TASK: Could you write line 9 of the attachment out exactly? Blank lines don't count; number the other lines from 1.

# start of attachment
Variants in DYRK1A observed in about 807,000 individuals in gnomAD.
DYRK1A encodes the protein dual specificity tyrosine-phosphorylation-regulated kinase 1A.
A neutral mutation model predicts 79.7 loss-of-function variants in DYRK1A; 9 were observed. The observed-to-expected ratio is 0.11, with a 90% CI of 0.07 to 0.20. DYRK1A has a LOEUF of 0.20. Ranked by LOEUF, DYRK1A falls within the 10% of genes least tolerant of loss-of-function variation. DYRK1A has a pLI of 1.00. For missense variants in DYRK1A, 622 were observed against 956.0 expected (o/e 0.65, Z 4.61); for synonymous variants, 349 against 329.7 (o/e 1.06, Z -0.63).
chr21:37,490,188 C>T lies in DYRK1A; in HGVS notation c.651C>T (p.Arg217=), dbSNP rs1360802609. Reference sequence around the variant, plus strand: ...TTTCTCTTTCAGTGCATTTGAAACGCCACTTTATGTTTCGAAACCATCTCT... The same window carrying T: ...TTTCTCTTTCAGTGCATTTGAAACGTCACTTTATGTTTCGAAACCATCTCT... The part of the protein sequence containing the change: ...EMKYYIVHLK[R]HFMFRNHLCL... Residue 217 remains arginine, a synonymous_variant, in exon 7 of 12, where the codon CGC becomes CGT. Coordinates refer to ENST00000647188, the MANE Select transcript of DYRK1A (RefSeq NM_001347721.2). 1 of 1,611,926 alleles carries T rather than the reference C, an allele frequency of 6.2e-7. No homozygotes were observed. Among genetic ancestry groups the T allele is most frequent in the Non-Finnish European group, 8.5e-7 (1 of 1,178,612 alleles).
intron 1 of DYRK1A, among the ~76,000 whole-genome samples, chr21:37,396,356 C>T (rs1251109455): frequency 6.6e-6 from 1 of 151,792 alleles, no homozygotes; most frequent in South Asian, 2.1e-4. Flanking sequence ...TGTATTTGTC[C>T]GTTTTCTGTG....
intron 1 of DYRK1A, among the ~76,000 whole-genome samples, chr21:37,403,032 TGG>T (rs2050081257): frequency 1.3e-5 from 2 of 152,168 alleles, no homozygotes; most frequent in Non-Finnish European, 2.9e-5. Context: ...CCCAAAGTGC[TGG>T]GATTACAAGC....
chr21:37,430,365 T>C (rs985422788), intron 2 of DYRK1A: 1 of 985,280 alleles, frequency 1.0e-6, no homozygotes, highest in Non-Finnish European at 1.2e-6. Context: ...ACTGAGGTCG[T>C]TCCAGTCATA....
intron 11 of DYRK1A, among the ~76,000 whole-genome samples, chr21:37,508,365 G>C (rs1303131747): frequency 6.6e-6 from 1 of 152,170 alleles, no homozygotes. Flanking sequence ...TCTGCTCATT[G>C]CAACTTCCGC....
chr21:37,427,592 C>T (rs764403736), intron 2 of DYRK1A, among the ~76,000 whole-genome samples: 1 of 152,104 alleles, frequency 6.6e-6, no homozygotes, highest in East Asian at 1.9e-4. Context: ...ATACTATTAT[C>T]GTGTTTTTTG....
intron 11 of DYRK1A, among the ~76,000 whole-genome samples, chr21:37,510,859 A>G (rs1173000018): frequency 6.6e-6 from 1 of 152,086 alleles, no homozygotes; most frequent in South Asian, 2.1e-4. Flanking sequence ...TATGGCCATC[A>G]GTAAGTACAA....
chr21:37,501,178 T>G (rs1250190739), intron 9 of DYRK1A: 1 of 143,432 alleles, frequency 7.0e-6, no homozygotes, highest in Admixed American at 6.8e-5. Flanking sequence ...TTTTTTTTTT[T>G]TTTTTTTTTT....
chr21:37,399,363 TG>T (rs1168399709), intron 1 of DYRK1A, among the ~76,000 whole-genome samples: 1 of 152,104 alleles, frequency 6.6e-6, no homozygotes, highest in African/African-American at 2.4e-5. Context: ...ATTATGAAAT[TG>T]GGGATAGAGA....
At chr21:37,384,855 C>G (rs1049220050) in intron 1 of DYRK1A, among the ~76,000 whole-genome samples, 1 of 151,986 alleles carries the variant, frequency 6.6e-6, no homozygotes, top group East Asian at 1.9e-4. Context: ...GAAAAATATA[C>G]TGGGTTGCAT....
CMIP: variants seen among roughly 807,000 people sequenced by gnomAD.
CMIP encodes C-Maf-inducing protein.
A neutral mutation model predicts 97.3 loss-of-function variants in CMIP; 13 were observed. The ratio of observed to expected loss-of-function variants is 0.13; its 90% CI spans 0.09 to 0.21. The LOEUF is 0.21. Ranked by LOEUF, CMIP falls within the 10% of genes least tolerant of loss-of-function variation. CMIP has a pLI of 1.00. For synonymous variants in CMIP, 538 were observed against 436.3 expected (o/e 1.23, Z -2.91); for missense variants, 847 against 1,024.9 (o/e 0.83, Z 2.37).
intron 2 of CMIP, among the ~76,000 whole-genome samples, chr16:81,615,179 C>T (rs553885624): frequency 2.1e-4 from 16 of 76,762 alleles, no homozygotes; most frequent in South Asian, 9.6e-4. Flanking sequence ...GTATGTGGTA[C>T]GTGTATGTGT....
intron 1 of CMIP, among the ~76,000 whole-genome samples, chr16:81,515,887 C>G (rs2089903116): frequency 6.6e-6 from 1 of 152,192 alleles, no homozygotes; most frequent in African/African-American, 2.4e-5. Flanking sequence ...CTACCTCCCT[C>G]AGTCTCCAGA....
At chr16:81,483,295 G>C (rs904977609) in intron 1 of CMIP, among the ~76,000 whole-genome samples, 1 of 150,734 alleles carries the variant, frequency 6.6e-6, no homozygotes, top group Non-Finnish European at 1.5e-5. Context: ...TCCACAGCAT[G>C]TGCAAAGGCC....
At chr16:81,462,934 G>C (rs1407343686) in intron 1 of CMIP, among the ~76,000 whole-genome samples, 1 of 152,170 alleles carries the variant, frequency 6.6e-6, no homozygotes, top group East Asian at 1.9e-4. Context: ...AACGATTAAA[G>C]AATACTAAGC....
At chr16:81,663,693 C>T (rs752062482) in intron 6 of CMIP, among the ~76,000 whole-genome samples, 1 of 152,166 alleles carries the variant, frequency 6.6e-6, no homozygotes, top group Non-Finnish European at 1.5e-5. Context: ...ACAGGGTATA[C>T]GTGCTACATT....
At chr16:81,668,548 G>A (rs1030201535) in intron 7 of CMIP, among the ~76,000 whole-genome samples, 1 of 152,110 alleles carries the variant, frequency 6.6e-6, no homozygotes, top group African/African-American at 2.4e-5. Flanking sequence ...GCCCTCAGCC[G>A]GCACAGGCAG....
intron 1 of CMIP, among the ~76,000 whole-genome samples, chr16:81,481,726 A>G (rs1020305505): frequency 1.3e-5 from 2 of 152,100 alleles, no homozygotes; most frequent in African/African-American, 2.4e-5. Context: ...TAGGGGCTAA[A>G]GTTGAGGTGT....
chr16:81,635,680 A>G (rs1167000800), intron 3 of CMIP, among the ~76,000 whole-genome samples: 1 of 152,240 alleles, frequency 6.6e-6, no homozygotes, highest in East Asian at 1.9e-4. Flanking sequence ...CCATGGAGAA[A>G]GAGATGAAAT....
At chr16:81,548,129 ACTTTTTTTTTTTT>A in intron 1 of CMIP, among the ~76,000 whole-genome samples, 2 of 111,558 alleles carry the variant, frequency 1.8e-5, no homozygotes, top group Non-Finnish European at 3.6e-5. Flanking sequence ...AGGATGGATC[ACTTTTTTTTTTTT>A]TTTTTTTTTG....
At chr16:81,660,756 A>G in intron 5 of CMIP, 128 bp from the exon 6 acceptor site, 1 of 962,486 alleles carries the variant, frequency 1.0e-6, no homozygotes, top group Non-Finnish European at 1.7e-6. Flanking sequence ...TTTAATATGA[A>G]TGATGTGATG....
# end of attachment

chr21:37,427,592 C>T (rs764403736), intron 2 of DYRK1A, among the ~76,000 whole-genome samples: 1 of 152,104 alleles, frequency 6.6e-6, no homozygotes, highest in East Asian at 1.9e-4. Context: ...ATACTATTAT[C>T]GTGTTTTTTG....